Ex-school official admits role in ticket scam
A former University of Kansas athletics official pleaded guilty Friday for his role in a $2 million ticket-scalping scheme, shedding light on how authorities uncovered a scam that brought down seven former university employees.
Rodney Jones, the school’s former assistant athletic director, admitted his part in a conspiracy that began in 2005. The scheme unraveled last year, after the Internal Revenue Service noticed an inordinate amount of season tickets being sold by one broker whose checks for about $975,000 were cashed by Jones’ friend at the broker’s bank.
Assistant U.S. Attorney Richard Hathaway revealed at Friday’s hearing that investigators did a “trash pull” at the friend’s house and discovered all but one of an undisclosed number of ticket stubs were in consecutive order. The unidentified friend told agents who confronted him that he believed the basketball and football tickets had been lawfully obtained by Jones.
Hathaway also told the judge that Jones converted cash from the ticket sales into money orders in amounts of between $400 and $500 to avoid currency reporting requirements. The government contends Jones got the tickets from three other athletics department employees.
Jones, 42, of Lawrence, was in charge of the Williams Educational Fund, the university’s fundraising arm that uses the sale of tickets to contribute to scholastic and athletic scholarships for students. Hathaway said Jones has cooperated since being confronted by investigators.
His defense attorney, Gerald Handley, gave reporters a written statement before Friday’s court hearing that said Jones accepted responsibility for his role.
“He deeply regrets his involvement in this episode. He apologizes to the university for his conduct,” the statement read. “He has agreed to and is cooperating with the authorities to resolve the issues that are referred to in the indictment.”
Jones pleaded guilty to a single count of conspiracy for illegal acts such as wire fraud, interstate transportation of stolen goods and obstruction in the collection of income taxes. He could face up to 20 years in prison when sentenced March 31, but will likely receive less under federal sentencing guidelines.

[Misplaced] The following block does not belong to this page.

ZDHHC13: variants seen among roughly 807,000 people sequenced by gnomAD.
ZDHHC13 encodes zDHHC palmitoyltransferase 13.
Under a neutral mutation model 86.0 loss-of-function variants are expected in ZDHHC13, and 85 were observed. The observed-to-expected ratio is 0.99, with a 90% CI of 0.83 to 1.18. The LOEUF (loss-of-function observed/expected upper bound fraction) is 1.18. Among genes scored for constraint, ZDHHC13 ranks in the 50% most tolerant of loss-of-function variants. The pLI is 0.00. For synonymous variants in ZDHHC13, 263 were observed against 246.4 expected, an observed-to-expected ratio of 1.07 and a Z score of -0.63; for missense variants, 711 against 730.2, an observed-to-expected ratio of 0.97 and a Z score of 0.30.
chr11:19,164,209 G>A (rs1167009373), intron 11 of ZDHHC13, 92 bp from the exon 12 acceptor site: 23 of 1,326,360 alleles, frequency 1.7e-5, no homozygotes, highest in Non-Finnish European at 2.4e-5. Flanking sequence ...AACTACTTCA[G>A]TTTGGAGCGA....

Prosecutors have agreed to recommend a lighter sentence if Jones provides substantial assistance to investigators. U.S. District Judge Wesley Brown is not bound by that recommendation.
As part of the plea deal, Jones agreed not to contest a $2 million judgment against him, an amount that is to be paid jointly by all the defendants.
Brandon Simmons, the school’s former assistant athletic director for sales, and Jason Jeffries, the former assistant director of ticket operations, pleaded guilty in July to knowing about the ticket scam and failing to report it to authorities. They will be sentenced March 7.
Jones and four other former employees were indicted on a single conspiracy count in November. Former systems analyst Kassie Liebsch pleaded guilty to conspiracy this week.
The remaining three defendants — former associate athletic director Charlette Blubaugh; her husband, Thomas, a consultant for the ticket office; and former associate athletic director Ben Kirtland — are set for trial in February, although that date is likely to be postponed.
Hathaway said Jones split the proceeds from the ticket sales with Kirtland and Liebsch.
Investigators from the IRS and FBI discovered that university policy prohibits the resale of the two complimentary tickets employees receive, which are reported as taxable income for its employees. Agents also found Jones did not report the outside income as required by NCAA rules.